Hepatic Disease: Signs, Symptoms, And Diagnosing

Health & Medical Blog

Hepatic disease, also known as liver disease, can be acquired as a result of certain medications, alcoholism, obesity, and viral infections. It can also be congenital, which means that you were born with it. Sometimes, liver disease is asymptomatic, however, it commonly causes signs and symptoms. Here are some common signs and symptoms of hepatic disease and how physicians diagnose it. 

Signs And Symptoms

During your physical examination, your physician will examine your body to see if you have yellowing of the skin or sclera of your eyes. This yellowing is known as jaundice and this sign is commonly seen in people with liver disease, gallbladder disorders, and pancreatic conditions.

Your physician will also ask you about any unusual symptoms such as severe itching, dark urine, pale stools, frequent abdominal pain, diarrhea, and unintentional weight loss, as these symptoms are often associated with liver disease. Itching and tea-colored urine in people with liver disease is caused by the overproduction of bilirubin, a yellow-orange pigmented substance found in bile. Once liver disease has been successfully treated, jaundice typically resolves and other symptoms subside as well.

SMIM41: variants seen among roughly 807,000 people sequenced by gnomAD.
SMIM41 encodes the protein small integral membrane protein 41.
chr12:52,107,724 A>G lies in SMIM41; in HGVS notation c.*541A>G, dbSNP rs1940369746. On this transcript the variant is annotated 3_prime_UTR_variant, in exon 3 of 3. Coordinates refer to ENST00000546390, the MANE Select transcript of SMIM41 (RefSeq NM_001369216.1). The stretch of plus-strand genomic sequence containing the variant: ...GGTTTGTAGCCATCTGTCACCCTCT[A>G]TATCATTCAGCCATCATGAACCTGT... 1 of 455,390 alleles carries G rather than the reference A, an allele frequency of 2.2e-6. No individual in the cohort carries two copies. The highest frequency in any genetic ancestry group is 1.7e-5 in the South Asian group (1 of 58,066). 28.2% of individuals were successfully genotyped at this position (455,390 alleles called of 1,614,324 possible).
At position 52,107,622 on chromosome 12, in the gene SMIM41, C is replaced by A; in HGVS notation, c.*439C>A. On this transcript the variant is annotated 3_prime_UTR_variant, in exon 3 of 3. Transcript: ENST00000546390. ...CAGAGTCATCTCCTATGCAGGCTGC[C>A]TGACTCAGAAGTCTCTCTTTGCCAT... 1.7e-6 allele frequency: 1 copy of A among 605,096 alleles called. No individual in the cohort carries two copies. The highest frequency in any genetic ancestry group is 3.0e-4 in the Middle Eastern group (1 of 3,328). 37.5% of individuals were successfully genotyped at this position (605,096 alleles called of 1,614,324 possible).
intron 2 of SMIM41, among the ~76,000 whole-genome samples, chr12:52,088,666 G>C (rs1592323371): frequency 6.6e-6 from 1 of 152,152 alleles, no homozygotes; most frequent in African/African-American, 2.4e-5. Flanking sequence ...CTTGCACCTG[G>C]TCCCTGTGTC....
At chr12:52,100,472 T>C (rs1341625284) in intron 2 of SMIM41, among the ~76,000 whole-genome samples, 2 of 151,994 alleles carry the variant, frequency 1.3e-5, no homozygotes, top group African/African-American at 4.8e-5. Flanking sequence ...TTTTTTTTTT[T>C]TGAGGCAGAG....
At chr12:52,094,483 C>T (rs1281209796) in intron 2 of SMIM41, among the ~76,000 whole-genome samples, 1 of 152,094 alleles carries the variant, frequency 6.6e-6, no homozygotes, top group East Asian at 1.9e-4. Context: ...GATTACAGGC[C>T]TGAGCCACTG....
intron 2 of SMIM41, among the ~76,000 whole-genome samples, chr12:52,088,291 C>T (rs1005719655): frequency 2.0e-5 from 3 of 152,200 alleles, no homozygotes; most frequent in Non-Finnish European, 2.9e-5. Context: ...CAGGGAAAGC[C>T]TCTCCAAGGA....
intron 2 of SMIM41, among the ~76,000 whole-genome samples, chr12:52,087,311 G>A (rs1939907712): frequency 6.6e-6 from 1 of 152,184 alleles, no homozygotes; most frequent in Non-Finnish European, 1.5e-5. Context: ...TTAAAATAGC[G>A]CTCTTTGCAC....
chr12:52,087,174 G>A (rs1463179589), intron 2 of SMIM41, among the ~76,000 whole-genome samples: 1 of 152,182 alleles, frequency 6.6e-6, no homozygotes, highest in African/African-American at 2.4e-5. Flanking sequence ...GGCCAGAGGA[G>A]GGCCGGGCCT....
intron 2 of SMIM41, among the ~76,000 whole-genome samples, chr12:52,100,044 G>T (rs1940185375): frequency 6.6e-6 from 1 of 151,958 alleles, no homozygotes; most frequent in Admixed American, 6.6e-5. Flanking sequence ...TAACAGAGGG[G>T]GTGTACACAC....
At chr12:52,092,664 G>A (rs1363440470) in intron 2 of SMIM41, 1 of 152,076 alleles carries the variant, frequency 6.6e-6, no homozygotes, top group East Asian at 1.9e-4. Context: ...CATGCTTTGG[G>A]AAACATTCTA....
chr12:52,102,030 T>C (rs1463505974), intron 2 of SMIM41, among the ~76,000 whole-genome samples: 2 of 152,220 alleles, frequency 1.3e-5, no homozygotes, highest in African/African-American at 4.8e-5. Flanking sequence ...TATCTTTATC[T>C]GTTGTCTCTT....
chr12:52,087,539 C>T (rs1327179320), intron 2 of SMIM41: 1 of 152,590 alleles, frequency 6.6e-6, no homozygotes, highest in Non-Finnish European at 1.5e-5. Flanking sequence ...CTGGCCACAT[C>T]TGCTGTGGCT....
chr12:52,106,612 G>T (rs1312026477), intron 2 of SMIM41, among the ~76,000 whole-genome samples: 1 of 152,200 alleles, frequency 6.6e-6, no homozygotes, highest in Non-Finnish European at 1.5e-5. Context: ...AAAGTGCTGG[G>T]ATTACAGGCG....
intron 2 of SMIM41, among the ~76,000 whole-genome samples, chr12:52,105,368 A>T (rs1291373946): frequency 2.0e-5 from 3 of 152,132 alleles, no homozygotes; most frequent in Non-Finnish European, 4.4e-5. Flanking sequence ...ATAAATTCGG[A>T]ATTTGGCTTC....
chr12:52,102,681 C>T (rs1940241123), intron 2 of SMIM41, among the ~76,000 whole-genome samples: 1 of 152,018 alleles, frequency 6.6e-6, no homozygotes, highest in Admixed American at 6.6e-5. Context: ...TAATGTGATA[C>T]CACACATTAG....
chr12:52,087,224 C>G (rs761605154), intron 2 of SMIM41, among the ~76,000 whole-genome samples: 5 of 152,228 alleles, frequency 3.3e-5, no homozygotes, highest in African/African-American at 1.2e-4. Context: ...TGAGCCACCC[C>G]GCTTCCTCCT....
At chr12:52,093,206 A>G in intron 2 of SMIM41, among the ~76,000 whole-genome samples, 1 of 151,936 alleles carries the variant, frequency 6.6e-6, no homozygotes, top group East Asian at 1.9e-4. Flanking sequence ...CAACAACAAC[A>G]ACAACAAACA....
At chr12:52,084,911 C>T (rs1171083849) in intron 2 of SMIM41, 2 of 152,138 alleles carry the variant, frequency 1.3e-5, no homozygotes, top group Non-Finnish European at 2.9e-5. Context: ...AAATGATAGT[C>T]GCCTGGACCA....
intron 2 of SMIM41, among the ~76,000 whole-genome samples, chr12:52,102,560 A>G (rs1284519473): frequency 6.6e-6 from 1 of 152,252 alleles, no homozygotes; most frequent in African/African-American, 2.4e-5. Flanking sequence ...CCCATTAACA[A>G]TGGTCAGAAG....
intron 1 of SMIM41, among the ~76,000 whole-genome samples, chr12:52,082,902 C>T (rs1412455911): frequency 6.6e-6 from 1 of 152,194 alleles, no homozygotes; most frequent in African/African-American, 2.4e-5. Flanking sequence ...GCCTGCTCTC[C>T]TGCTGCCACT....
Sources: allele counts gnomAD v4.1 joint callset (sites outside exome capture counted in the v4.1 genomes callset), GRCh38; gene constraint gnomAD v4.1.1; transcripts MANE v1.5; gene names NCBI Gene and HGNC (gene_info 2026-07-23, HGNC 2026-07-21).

Your doctor will also palpate your abdominal organs to assess them for swelling. Your liver is located in the upper right quadrant of your abdominal cavity and if this area feels inflamed, your physician may recommend further testing. A blood test known as a chemistry profile may also be recommended to help evaluate your hepatic function. The test may reveal high liver enzymes and elevated bilirubin, and while these rises may be caused by viruses or certain medications, further testing may be needed to make a diagnosis.

If your blood chemistry profile is abnormal, an ultrasound of your liver may be warranted. This safe procedure uses sound waves to take pictures of your internal organs. Unlike a regular X-ray, an ultrasound does not use radiation, and because of this, is very safe for assessing liver function in pediatric patients.

Once your physician has confirmed or ruled out liver disease, a treatment plan can be implemented to alleviate your symptoms. If warranted, your primary care doctor will refer you to either a hepatologist, a liver specialist, a gastroenterologist, or a gastrointestinal specialist for further evaluation.

If you develop any of the above signs and symptoms of liver disease, see your physician as soon as possible. When hepatic disorders are diagnosed and treated early in their progression, a very favorable outcome is more likely. Contact a physician to learn more. 


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